Studies show that cycling combined with weight loss could be quite good for those living with diabetes, as it may lower the need for medications and even insulin. In addition, even casual commuting using a cycle may help improve metabolic indicators [3], [4].

Overweight or obese individuals need to understand that cycling is good for weight loss as it helps burn calories without causing too much strain on the joints. However, exercise alone may not be enough. It is because most people can replenish burnt calories quite quickly. Thus, overweight individuals should always combine cycling with dietary measures.

Calculating intensity of sports

One would often read that moderate or high-intensity exercise is good for health. But, how to calculate the intensity of exercise?

Moderate exercise has a target heart rate of 50% to 70% of maximum heart rate reserve (HRR), and above 70% is high intensity (mostly 70% to 80%).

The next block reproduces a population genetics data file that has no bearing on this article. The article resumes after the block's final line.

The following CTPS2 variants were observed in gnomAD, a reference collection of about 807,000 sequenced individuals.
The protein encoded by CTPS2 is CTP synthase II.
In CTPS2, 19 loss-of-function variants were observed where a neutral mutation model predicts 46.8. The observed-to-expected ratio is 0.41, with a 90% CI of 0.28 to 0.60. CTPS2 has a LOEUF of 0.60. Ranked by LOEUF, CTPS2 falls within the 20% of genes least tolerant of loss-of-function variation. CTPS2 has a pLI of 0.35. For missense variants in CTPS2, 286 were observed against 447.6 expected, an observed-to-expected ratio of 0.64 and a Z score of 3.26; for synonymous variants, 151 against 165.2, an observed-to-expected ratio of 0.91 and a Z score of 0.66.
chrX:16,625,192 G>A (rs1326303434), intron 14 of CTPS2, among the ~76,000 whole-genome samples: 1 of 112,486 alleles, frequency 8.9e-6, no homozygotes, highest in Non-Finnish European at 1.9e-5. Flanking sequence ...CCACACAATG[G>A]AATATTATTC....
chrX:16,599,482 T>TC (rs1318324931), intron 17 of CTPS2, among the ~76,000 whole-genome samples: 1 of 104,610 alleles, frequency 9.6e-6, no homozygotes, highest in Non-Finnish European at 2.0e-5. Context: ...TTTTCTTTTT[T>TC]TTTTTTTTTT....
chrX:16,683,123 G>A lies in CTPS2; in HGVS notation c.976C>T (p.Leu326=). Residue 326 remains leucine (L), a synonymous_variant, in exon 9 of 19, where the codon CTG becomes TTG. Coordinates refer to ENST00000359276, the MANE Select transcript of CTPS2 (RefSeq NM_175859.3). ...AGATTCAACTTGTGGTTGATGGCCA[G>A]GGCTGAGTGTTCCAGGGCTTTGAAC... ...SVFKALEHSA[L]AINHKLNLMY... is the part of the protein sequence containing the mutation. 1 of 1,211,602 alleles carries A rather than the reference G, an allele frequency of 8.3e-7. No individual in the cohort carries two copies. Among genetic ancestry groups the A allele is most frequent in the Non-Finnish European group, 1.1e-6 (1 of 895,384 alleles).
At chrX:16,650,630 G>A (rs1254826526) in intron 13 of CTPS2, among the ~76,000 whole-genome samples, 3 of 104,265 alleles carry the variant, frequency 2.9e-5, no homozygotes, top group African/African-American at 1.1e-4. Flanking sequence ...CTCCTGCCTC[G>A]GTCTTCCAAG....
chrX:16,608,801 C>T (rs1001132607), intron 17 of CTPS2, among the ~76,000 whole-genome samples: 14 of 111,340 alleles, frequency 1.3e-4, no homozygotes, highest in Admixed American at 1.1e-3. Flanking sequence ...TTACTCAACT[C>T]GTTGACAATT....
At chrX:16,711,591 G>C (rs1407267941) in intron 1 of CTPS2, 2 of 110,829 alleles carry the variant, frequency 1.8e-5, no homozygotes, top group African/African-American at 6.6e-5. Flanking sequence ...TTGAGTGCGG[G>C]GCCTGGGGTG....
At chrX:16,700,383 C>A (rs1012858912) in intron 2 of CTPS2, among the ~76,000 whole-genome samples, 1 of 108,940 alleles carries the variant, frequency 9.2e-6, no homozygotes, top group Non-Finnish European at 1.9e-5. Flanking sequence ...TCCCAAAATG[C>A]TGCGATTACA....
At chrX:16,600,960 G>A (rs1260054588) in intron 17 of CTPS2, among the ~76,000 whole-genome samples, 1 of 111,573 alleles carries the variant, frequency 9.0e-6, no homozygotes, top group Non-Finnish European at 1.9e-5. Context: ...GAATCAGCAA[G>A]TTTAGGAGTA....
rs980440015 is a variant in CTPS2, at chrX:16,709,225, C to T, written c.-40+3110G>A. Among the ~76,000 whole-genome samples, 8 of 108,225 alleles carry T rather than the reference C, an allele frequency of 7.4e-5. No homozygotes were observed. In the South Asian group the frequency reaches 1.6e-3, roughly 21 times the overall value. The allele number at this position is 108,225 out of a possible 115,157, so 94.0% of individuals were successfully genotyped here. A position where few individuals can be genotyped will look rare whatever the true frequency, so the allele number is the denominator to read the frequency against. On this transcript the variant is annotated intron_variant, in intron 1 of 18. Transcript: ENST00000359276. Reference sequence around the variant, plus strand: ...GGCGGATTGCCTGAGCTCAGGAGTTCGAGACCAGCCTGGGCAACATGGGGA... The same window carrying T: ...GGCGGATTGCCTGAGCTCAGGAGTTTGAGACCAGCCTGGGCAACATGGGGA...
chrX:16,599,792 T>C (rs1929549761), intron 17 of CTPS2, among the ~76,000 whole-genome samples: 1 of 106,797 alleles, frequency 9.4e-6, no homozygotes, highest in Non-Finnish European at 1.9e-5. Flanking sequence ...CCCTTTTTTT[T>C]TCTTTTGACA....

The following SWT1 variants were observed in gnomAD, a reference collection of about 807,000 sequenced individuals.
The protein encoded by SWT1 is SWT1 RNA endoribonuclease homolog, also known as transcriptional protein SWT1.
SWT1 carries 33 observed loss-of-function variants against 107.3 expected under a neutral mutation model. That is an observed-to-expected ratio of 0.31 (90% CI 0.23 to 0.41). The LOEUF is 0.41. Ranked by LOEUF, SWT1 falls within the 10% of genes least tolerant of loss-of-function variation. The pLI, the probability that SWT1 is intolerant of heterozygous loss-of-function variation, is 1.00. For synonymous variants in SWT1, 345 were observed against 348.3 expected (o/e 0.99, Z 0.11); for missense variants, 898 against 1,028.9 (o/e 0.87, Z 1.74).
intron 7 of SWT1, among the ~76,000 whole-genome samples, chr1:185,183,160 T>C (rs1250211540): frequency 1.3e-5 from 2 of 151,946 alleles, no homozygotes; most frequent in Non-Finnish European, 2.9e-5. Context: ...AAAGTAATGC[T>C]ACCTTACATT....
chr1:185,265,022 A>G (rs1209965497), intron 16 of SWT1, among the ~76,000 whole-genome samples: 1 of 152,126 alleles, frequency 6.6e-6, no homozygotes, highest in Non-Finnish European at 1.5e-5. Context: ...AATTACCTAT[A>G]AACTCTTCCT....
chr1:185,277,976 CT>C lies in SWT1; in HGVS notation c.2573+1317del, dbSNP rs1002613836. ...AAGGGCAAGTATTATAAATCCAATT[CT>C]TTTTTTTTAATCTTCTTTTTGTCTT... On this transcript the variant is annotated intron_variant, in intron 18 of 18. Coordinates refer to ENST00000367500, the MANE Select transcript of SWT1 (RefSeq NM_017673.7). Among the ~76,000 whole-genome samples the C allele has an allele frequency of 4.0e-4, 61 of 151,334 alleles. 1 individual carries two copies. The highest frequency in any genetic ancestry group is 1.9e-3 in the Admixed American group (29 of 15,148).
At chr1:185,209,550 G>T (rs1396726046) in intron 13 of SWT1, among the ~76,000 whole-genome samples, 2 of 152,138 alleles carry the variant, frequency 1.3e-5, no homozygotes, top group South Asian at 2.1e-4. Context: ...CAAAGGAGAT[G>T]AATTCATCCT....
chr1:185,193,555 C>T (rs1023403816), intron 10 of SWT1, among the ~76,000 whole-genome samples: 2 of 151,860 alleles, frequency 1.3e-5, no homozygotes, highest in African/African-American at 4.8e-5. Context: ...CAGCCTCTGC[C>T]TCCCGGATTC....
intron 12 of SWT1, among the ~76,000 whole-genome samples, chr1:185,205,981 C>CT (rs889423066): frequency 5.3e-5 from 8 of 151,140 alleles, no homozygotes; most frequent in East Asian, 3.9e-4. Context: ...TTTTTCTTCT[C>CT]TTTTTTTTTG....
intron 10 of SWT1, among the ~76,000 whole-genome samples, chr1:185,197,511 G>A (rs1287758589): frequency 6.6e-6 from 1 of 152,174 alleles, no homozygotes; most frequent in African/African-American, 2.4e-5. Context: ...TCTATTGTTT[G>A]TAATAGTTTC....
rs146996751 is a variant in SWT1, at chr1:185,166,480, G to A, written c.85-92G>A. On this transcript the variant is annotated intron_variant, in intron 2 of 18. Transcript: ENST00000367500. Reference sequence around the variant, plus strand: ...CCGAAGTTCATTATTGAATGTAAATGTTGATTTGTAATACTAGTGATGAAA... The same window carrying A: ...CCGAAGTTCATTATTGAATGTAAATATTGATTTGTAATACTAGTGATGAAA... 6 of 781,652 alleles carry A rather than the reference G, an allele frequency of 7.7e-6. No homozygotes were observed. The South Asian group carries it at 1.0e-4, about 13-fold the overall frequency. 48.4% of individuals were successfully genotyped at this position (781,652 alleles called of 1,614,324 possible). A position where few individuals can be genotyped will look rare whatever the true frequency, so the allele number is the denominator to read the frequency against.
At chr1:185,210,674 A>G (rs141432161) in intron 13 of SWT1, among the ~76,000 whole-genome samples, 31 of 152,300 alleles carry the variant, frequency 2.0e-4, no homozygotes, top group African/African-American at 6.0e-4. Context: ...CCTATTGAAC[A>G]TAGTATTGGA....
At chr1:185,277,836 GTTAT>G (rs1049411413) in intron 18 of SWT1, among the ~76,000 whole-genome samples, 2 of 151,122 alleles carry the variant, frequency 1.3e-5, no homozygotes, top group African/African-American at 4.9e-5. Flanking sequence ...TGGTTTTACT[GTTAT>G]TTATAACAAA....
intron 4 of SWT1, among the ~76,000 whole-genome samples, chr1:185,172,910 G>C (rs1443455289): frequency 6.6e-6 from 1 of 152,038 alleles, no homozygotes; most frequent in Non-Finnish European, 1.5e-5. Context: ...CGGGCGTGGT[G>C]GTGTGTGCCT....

To calculate exercise intensity, let’s say for an adult of 40 years, one needs to minus the age from 220. It means 220-40=180. Thus 180 is the maximum or upper limit of heart rate. Now measure the resting heart rate (usually between 70 to 80). So, if the resting heart rate is 80, then for a 40-year-old person, HRR would be 180-80=100.

This number 100 is the heart rate reserve (HRR) for that particular individual. It means that 50% intensity exercise would be 50% of HRR plus resting heart rate. Which, in this case, is above 130 beats per minute. In this particular case, 130 to 150 heart rates would be moderate-intensity exercise.

These days, it would be a good idea to invest in a health band or smartwatch to keep an eye on the heart rate. One should start exercising with a lower target like that of 50% intensity.

Starting with cycling, planning, and tips